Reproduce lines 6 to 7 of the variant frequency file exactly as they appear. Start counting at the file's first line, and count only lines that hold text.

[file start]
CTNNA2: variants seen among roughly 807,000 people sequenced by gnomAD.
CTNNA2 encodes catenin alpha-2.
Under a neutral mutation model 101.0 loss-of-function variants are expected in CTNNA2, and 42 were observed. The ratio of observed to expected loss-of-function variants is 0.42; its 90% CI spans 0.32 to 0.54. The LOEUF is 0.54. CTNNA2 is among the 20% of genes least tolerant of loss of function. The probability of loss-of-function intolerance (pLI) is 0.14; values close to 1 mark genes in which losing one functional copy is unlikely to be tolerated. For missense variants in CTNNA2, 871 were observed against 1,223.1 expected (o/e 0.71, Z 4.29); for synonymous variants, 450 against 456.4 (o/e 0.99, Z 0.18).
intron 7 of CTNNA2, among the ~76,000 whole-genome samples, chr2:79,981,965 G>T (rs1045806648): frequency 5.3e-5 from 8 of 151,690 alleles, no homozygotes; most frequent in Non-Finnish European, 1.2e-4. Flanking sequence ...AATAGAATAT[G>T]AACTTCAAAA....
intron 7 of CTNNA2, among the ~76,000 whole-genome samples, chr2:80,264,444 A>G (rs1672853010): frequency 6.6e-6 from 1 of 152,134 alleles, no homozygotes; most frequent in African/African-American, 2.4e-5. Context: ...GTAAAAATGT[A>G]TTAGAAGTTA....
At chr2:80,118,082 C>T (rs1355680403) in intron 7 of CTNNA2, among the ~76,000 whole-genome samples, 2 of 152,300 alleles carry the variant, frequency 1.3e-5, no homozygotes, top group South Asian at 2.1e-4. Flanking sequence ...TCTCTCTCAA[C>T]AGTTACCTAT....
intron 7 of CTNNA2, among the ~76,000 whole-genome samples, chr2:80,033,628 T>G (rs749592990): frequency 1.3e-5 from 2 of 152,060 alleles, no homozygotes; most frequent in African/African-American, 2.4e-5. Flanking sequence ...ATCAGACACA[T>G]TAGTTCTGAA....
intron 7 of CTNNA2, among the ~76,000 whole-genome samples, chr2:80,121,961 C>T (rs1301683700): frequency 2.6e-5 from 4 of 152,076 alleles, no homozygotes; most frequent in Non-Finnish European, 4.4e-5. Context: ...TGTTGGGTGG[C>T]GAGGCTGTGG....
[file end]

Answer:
At chr2:80,118,082 C>T (rs1355680403) in intron 7 of CTNNA2, among the ~76,000 whole-genome samples, 2 of 152,300 alleles carry the variant, frequency 1.3e-5, no homozygotes, top group South Asian at 2.1e-4. Flanking sequence ...TCTCTCTCAA[C>T]AGTTACCTAT....
intron 7 of CTNNA2, among the ~76,000 whole-genome samples, chr2:80,033,628 T>G (rs749592990): frequency 1.3e-5 from 2 of 152,060 alleles, no homozygotes; most frequent in African/African-American, 2.4e-5. Flanking sequence ...ATCAGACACA[T>G]TAGTTCTGAA....